Fighting game  

From The Art and Popular Culture Encyclopedia

Jump to: navigation, search

Related e

Google
Wikipedia
Wiktionary
Wiki Commons
Wikiquote
Wikisource
YouTube
Shop


Featured:
Train wreck at Montparnasse (October 22, 1895) by Studio Lévy and Sons.
Enlarge
Train wreck at Montparnasse (October 22, 1895) by Studio Lévy and Sons.
bloodlust

Fighting game refers to a genre of action video game where the player controls an on-screen character and engages in close combat with another character. These characters tend to be of equal power and fight matches consisting of several rounds, which take place in an arena. Players must master techniques such as blocking, counter-attacking, and chaining together sequences of attacks known as "combos". Since the early 1990s, most fighting games allow the player to execute special attacks by performing specific button combinations.

Heavyweight Champ (1976) was the first game to feature fist fighting, and more refined fighting games appeared throughout the 1980s. The seminal Street Fighter II (released by Capcom in 1991) was the progenitor of the genre's popularity, the fighting game subsequently became the pre-eminent genre for competitive video gaming in the early to mid-1990s. Fighting games were popular in arcades, where players could play against human opponents. The genre spawned several successful and long running franchises, in addition to Street Fighter, such as Mortal Kombat and Virtua Fighter. The genre's popularity stagnated as games became more complicated, and as arcades began to lose their audience to increasingly powerful home consoles near the end of the 1990s. Today, the genre remains popular but retains a much smaller proportion of enthusiasts than it once did, due to the increasing popularity of other genres.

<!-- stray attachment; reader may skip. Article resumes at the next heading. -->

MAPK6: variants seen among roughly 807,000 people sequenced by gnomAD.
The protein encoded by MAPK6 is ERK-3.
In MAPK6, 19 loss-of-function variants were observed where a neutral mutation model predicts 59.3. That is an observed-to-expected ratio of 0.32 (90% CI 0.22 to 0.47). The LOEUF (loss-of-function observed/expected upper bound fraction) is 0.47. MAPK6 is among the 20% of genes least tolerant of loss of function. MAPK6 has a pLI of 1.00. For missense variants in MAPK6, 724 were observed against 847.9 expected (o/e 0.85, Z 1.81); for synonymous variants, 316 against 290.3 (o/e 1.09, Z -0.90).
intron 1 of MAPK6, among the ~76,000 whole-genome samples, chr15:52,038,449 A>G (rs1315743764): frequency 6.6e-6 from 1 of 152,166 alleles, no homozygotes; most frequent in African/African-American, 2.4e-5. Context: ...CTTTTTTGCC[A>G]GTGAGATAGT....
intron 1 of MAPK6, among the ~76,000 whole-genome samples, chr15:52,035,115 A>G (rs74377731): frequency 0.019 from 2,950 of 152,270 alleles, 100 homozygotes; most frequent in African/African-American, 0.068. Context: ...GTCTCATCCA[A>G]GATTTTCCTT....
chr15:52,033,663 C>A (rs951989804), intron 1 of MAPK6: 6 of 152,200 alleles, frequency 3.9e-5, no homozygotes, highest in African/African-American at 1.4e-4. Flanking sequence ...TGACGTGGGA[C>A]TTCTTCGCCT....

Unless indicated otherwise, the text in this article is either based on Wikipedia article "Fighting game" or another language Wikipedia page thereof used under the terms of the GNU Free Documentation License; or on original research by Jahsonic and friends. See Art and Popular Culture's copyright notice.

Personal tools